But Sao Paulo’s multiculturalism is its great advantage, with several minority groups living here. However, security is a problem and the crime rate is an essential consideration for those moving to Sao Paulo. Expats are advised to stay alert, especially in the areas where the risks are higher. Sao Paulo has a high cost of living, and this must be taken into account when negotiating an employment package. Children from overseas can attend the local schools, but most expats prefer the international schools, due to the higher standards of education. Sao Paulo has become a popular destination for medical tourism in recent years.

There is a considerable expat community in the capital city of Brasilia. Since it is the seat of the government, there are diplomats, foreign correspondents and journalists from different nationalities living here. Brasilia has a population of about 2.5 million residents. It is a quieter city than Sao Paulo and Rio de Janeiro. The city is well connected by public transportation. The carnival culture, which is very much a part of Brazil’s other cities, is replaced by a more tranquil culture in Brasilia.

The fourth largest city, Belo Horizonte is located in the state of Minas Gerais, in southeastern Brazil. It is a mineral-rich region. It also offers ideal conditions for farming. In fact, Belo Horizonte is an important distribution and processing center for the country’s agricultural and mining industry. The interesting aspect of Belo Horizonte is that the gap between the wealthy and poor, which is apparent in most parts of the country, is not to be found here. This is because the local government takes efforts to ensure that all citizens can eat, thereby alleviating food poverty. Like Brasilia, the nearest beach is quite a distance away. Belo Horizonte has its own unique character of a diverse alternative scene. There are several bars and pubs located throughout the city. Some of the most popular neighborhoods among expats are Serra, Savassi and Lourdes.

Will I be able to afford Brazil’s cost of living?

Brazil’s cost of living is relatively high, but the quality of life is based on the kind of lifestyle expats are able to have. There is a vast gap between the wealthy and poor in Brazil, but expats in general will not have much of a problem for their day-to-day expenses. It is less expensive to live in Brazil’s rural areas than in the major cities. The country has in the recent past made efforts to come out of extreme poverty and the income inequality has been reduced. Expats on international salaries are considered as being among the wealthy, while the upper middle class includes expats that are making a good local salary.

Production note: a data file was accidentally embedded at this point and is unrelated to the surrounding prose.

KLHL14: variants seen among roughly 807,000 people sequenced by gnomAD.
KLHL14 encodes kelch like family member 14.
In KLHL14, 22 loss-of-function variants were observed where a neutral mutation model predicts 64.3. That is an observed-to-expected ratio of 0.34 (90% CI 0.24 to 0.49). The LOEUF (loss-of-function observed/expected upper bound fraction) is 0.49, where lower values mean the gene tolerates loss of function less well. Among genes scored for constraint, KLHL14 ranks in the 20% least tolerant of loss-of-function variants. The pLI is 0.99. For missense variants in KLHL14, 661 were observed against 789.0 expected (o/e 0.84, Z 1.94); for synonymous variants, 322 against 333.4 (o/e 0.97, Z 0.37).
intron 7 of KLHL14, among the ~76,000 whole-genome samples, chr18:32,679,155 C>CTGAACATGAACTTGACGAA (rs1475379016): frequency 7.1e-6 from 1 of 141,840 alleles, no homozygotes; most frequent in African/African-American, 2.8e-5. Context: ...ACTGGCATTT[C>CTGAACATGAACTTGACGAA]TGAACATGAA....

Sao Paulo is another popular expat destination

© tpsdave

Rental accommodation is fairly expensive in Brazil, and could turn out to be the biggest expense of the expat salary. Some expats may receive a housing allowance, which can help make up for the high prices. Areas that are slightly beyond central areas may be easier to afford, however in such cases, the transport costs tend to increase. Food costs are varied in the country. Eating out at restaurants can be expensive, while groceries are moderately priced.

How is Brazil’s schooling system?

Due to its rich flora and fauna and great natural landscapes, Brazil is a delight for children, and also gives them a chance to learn. However, despite the country’s economic growth over the last few years, the public education system has received low funding and is faced with a number of structural problems. Education standards in public schools are not very high and there have also been incidents of overcrowding, insufficient materials and lack of teaching staff.

Schooling is compulsory for children between the ages of 6 and 14, and this mandatory education for nine years is the equivalent of elementary school, called Ensino Fundamental. During this time, public schools are free. Secondary school or Ensino Médio continues between the ages of 15 and 18.